It was really interesting ordering my first meal after I had settled into the hotel and then ventured out into modern Tokyo. I was lured into a restaurant by its sidewalk English signboard saying “special”. That was the last English word I read. Try ordering off a menu with no English and no pictures. What I ended up with was a bowl of cold rice with a lump of raw minced and marinated fish on top. Good thing I’ve been training my stomach and tastebuds on Cambodian cuisine.

Tyler met up with me about 3pm and we ventured out into the unknown of Tokyo, visiting the emperor’s digs and old section of the city the first day before heading out to the fabby chic area of Shibuyo that night. Think Times Square. The world’s largest pedestrian crossing where when the lights go green, all walkers unite into a mass of magnificent humanity. Unbelievable.

We spent the next two nights in Tokyo as well before heading over to Tyler’s island. It’s only a 90 minute ride by hydrofoil, skimming along the water at 50 mph - a very pleasant ride indeed. Instantly, we entered a world starkly different from that of Tokyo. Oshima has 9,000 inhabitants, scattered about in 5 villages – Tokyo is the largest metropolitan area in the world with over 35 million people in the metroplex.

1986 was the most recent volcanic eruption, but it’s not the last. To make things really real, Tyler (and all Oshima residents) has a white plastic hard hat in his closet, just in case…

Tossing caution to the wind, Tyler and I hiked Mt. Mihara – the volcano – on my second to last day. Our 8 km jaunt was like going to the moon. It’s the fantasy birthplace of Godzilla (Go-zee-ra). Imagine an ancient crater that is 5 km in diameter and then within that circumference another crater, 600 feet higher and 1km in diameter; and then within that a .5km cylindrical blow hole. We hiked it all in virtual solitude, seeing only two people at the very end. Spectacularly eerie. The photo below is Tyler standing on the edge of an extinguished lava flow on the inside of the older crater.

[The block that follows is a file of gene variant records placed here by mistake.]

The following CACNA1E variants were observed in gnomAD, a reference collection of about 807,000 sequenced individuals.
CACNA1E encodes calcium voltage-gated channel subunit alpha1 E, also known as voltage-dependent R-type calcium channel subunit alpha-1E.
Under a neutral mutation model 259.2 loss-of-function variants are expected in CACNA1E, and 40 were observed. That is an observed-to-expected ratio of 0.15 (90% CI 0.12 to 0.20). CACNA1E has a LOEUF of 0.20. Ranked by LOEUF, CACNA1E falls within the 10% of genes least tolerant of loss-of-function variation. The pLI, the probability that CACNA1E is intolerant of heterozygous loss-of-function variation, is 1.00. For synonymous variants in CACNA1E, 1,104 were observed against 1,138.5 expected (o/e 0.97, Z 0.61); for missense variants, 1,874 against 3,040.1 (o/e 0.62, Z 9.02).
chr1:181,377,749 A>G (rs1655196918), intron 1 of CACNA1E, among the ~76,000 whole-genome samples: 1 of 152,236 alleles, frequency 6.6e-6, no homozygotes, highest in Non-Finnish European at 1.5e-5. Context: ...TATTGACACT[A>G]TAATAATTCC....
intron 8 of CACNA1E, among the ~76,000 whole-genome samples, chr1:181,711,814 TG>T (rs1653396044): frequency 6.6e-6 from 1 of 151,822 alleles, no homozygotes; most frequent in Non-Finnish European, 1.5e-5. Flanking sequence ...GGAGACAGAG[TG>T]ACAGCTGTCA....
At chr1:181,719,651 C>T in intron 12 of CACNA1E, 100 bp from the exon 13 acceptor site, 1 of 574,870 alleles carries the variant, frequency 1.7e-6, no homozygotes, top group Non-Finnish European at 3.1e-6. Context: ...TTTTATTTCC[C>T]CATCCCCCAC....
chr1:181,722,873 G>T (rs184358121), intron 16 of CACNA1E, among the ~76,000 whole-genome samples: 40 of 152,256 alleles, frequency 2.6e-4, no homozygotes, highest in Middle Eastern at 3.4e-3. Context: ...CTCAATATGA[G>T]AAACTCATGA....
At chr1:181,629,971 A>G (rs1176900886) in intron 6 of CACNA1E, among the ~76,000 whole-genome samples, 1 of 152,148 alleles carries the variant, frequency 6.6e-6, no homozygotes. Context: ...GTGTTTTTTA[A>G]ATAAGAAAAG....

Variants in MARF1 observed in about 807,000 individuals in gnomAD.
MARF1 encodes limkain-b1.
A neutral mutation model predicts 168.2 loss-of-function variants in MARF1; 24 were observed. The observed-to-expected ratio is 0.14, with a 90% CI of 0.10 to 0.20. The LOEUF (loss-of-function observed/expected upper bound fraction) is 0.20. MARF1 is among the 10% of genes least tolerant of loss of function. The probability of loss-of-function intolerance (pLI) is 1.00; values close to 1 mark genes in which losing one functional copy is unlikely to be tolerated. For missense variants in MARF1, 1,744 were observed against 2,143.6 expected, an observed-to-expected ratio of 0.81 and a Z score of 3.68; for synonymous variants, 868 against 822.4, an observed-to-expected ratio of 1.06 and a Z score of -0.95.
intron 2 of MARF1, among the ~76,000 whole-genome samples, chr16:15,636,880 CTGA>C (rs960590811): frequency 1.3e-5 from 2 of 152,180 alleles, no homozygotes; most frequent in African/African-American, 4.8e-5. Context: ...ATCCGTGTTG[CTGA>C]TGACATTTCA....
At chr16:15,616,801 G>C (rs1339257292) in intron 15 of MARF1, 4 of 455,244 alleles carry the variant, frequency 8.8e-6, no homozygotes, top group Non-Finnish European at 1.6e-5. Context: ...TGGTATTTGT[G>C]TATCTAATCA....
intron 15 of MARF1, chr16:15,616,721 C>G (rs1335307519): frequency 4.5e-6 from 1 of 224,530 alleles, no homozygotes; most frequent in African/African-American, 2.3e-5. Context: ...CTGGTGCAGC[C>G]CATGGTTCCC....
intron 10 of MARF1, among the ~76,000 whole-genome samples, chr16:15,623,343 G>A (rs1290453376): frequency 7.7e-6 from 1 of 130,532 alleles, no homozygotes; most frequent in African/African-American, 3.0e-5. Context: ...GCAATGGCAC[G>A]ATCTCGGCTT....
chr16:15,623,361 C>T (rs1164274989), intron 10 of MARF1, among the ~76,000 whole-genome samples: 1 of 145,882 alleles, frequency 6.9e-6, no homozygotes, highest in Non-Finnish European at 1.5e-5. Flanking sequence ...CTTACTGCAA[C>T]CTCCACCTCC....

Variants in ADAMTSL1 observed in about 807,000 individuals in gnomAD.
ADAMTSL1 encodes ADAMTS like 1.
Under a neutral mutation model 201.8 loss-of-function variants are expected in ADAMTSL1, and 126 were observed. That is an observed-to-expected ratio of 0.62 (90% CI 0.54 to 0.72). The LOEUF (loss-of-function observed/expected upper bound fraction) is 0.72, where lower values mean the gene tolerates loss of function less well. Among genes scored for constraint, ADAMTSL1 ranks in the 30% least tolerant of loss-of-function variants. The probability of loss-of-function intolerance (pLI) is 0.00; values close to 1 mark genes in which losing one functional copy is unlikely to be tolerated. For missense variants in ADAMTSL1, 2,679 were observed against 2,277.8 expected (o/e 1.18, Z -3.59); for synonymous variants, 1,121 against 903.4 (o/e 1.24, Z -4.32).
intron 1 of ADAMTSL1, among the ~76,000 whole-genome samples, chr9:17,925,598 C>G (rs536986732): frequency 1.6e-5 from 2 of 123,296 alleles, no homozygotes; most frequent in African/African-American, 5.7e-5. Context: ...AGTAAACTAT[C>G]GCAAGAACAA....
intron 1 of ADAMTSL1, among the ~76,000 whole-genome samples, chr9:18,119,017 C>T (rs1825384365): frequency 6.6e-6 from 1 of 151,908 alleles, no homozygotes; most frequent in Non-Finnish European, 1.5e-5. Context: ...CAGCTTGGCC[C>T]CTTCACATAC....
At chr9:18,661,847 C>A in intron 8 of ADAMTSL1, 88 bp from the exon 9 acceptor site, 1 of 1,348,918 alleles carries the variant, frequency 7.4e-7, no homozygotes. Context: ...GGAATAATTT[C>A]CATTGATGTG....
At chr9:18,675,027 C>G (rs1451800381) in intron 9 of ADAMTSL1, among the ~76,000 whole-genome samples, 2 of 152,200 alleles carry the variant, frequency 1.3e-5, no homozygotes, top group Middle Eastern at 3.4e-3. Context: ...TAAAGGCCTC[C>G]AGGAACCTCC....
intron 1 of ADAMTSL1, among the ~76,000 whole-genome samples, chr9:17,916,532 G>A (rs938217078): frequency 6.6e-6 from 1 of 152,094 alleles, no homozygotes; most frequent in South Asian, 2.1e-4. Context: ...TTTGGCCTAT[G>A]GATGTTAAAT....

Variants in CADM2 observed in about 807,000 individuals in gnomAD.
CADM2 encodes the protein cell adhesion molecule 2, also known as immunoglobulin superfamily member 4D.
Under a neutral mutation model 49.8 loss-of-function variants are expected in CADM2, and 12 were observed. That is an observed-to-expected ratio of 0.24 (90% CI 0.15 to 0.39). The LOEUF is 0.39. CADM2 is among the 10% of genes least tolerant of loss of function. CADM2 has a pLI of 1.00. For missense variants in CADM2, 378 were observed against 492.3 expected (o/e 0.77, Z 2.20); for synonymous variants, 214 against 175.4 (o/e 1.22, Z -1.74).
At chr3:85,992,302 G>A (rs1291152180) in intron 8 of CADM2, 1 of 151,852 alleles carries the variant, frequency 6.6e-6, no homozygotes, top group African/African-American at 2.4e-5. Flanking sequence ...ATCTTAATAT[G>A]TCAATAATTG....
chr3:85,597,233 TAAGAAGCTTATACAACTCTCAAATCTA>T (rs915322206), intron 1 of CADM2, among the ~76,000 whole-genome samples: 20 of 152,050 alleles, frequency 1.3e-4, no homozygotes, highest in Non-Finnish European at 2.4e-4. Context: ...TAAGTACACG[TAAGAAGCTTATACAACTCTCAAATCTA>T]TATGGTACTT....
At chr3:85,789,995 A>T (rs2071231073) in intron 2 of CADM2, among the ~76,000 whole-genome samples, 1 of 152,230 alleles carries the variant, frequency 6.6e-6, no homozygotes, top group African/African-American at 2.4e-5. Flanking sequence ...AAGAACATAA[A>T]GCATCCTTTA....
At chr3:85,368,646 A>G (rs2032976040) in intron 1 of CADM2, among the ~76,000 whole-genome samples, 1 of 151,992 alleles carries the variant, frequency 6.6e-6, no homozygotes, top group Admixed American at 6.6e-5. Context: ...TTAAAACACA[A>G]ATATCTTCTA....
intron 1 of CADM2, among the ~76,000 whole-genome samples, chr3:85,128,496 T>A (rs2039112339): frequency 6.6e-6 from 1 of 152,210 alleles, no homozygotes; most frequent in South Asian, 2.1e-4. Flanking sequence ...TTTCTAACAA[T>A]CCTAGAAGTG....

I’m so glad I went to be with Tyler in his new habitat. I think he was glad to see me too, particularly in a sea of change too. I’m very proud of him for taking this very big and unusual step. I’m sure he’ll do well. He’s a great adapter and knows no strangers, even when there are language and cultural barriers.

Asia is the new frontier in so many ways and does an exceptional job in arresting our comfy Western ways. Tyler is in for the time of his young life. (yes, that's Mt. Fuji on the left, as seen from "Tyler's Island"). If you'd like to write to him, his new email address is:

Proud Dad...

Tuesday, August 7, 2007

S-21 Prison

Two words that strike fear into the heart of Cambodians. Tuol Sleng. Once a high school in Phnom Penh, it was transformed into a horrific torture prison by the Khmer Rouge from 1975 to 1979. Known as S-21, the secret prison was the most brutal and well-known evil machine of the Khmer Rouge years. Actually, there were over 200 prisons and labour camps scattered about Cambodia, with an equal number of “killing fields” where people were sent to their deaths with one swift blow of an oxcart handle to the base of the skull.

Few of us really know what happened in Cambodia during these four dark years in the late 1970’s. Even fewer of us from the free world can comprehend the atrocities committed here. Most people have heard of the Khmer Rouge, the communist movement led by Pol Pot and his Western-educated band of Western-hating revolutionaries. Most have heard of the killing fields, the expression popularized by the movie of the same name (well worth seeing). But few people really understand what actually happened in Cambodia or have a grasp of the breadth and depth of the destruction wrought here – me included.